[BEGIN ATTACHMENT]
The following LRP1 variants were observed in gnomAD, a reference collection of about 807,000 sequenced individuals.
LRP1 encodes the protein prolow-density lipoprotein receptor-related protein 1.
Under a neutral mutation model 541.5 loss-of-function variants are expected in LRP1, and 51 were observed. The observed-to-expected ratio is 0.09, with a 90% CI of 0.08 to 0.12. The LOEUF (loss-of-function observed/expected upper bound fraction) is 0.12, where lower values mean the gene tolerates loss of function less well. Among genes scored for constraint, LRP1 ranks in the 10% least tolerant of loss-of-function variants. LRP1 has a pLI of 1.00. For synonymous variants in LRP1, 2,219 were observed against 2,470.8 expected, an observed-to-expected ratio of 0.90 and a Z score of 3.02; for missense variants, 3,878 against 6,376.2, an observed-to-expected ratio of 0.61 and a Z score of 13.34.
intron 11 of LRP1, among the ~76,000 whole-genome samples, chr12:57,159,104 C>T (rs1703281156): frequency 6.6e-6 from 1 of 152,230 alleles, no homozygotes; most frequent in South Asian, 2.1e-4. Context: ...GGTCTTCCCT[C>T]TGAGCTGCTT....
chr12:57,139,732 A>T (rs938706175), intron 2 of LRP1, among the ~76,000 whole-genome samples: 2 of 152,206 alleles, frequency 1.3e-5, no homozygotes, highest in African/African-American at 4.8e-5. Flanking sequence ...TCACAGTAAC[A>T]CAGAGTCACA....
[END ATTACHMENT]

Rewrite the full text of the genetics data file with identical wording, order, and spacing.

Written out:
The following LRP1 variants were observed in gnomAD, a reference collection of about 807,000 sequenced individuals.
LRP1 encodes the protein prolow-density lipoprotein receptor-related protein 1.
Under a neutral mutation model 541.5 loss-of-function variants are expected in LRP1, and 51 were observed. The observed-to-expected ratio is 0.09, with a 90% CI of 0.08 to 0.12. The LOEUF (loss-of-function observed/expected upper bound fraction) is 0.12, where lower values mean the gene tolerates loss of function less well. Among genes scored for constraint, LRP1 ranks in the 10% least tolerant of loss-of-function variants. LRP1 has a pLI of 1.00. For synonymous variants in LRP1, 2,219 were observed against 2,470.8 expected, an observed-to-expected ratio of 0.90 and a Z score of 3.02; for missense variants, 3,878 against 6,376.2, an observed-to-expected ratio of 0.61 and a Z score of 13.34.
intron 11 of LRP1, among the ~76,000 whole-genome samples, chr12:57,159,104 C>T (rs1703281156): frequency 6.6e-6 from 1 of 152,230 alleles, no homozygotes; most frequent in South Asian, 2.1e-4. Context: ...GGTCTTCCCT[C>T]TGAGCTGCTT....
chr12:57,139,732 A>T (rs938706175), intron 2 of LRP1, among the ~76,000 whole-genome samples: 2 of 152,206 alleles, frequency 1.3e-5, no homozygotes, highest in African/African-American at 4.8e-5. Flanking sequence ...TCACAGTAAC[A>T]CAGAGTCACA....